New reports examining market conditions in three major metro areas show similar patterns unfolding in disparate corners of the country. In each of the three metro areas, house prices are soaring, while the supply of affordable houses is dwindling, forcing more new potential homebuyers to consider other options.
Ten-X, an online real estate transaction marketplace, released a pair of reports today, turning the spotlight on a pair of coastal cities: San Diego, California, and Miami, Florida. The story is largely the same in both cities: homes are still moving at a brisk clip, but the lack of cheaper options is making life difficult for the first-time homebuyer. According to Ten-X's Second Quarter 2017 Economic and Single-Family Housing Market Outlook Report for San Diego , the second quarter saw San Diego existing home sales were up 5.6 percent from a year ago, but housing inventory fell 35.7 percent.
“Homes are moving even as prices continue to rise, but affordability is becoming a much larger concern—especially for people looking to buy their first home," said Ten-X EVP Rick Sharga. "A growing number of residents are looking at renting as a better option than buying.”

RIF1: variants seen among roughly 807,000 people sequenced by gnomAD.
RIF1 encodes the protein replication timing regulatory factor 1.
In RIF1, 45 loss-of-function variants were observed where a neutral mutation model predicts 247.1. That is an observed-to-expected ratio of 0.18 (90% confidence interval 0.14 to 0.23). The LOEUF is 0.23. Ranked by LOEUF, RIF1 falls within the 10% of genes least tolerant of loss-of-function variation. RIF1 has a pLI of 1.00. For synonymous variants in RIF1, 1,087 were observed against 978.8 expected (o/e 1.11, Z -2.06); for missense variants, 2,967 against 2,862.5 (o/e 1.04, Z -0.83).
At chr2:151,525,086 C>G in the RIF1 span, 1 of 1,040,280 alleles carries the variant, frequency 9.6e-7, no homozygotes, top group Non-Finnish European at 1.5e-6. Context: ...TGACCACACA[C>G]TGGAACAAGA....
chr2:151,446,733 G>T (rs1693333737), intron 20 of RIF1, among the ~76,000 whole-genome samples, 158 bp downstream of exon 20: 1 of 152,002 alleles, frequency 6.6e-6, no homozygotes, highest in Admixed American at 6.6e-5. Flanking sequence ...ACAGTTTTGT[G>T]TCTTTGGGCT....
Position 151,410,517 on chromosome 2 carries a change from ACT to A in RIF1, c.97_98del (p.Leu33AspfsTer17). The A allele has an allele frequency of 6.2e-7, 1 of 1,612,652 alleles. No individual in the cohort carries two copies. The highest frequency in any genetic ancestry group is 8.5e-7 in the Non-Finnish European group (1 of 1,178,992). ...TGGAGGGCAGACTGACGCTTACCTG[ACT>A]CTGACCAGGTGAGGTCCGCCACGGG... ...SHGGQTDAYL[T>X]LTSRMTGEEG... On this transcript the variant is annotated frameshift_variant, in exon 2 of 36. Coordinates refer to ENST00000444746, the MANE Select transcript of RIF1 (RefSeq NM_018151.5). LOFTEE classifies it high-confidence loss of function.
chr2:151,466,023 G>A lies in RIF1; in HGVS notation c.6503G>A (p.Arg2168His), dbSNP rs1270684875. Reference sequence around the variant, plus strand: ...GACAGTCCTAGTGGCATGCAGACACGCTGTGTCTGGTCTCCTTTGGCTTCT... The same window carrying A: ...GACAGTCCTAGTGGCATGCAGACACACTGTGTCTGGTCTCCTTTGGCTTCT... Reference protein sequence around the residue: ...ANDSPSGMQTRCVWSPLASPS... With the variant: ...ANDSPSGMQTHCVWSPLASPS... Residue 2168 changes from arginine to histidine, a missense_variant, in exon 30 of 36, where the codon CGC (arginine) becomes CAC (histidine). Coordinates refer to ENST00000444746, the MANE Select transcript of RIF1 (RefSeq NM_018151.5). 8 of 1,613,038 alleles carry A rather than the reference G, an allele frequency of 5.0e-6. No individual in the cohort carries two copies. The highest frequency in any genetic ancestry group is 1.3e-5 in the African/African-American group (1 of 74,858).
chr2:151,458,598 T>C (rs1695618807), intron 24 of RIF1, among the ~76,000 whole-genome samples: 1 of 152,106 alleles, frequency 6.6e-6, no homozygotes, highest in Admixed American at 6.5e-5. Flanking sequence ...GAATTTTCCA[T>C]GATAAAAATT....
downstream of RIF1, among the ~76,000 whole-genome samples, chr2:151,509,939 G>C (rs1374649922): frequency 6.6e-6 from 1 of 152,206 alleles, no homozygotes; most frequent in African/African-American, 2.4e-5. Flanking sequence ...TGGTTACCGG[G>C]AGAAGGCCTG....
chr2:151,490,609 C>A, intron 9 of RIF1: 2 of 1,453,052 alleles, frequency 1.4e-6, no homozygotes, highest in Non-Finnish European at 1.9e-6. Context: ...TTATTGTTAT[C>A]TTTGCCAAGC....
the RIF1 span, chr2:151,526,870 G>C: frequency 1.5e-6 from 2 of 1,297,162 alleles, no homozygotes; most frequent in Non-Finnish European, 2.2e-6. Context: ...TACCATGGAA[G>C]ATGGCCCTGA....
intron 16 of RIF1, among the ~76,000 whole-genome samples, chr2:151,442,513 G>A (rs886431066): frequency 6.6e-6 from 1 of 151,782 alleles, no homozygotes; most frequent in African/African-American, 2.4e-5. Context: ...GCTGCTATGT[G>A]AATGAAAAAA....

On the Miami front, Ten-X's Second Quarter 2017 Economic and Single-Family Housing Market Outlook Report for Miami  found first-time buyers also struggling in the Magic City. "The Miami housing market remains solid, but limited inventory of homes for sale and rising prices are giving first time home buyers fewer opportunities," said Sharga. As in San Diego, more potential Miami buyers are considering the rental route because there simply isn’t enough available in their price range.
Meanwhile, some things looked better in the middle of the country, but the same problems are still present. Metrostudy’s new Q3 survey of Dallas  found the city holding fast as the number-one market for new home starts, but found homebuyers pushing back against rising home prices.
Paige Shipp, Director of Metrostudy’s Dallas Fort Worth market, said:
“During the third quarter, DFW homebuilders started only 264 homes priced below $200,000, which confirms the near extinction of the sub-$200k new home in DFW.” However, Dallas is seeing an uptick in closings between $200,000 and $300,000. Closings priced $200,000 to $250,000 rose 5.6 percent in Q3, and those between $250,000 to $300,000 rose 13.7 percent.
“Starts outperforming closings from $200,000 to $300,000 indicates builders are delivering more affordable product in DFW,” said Shipp.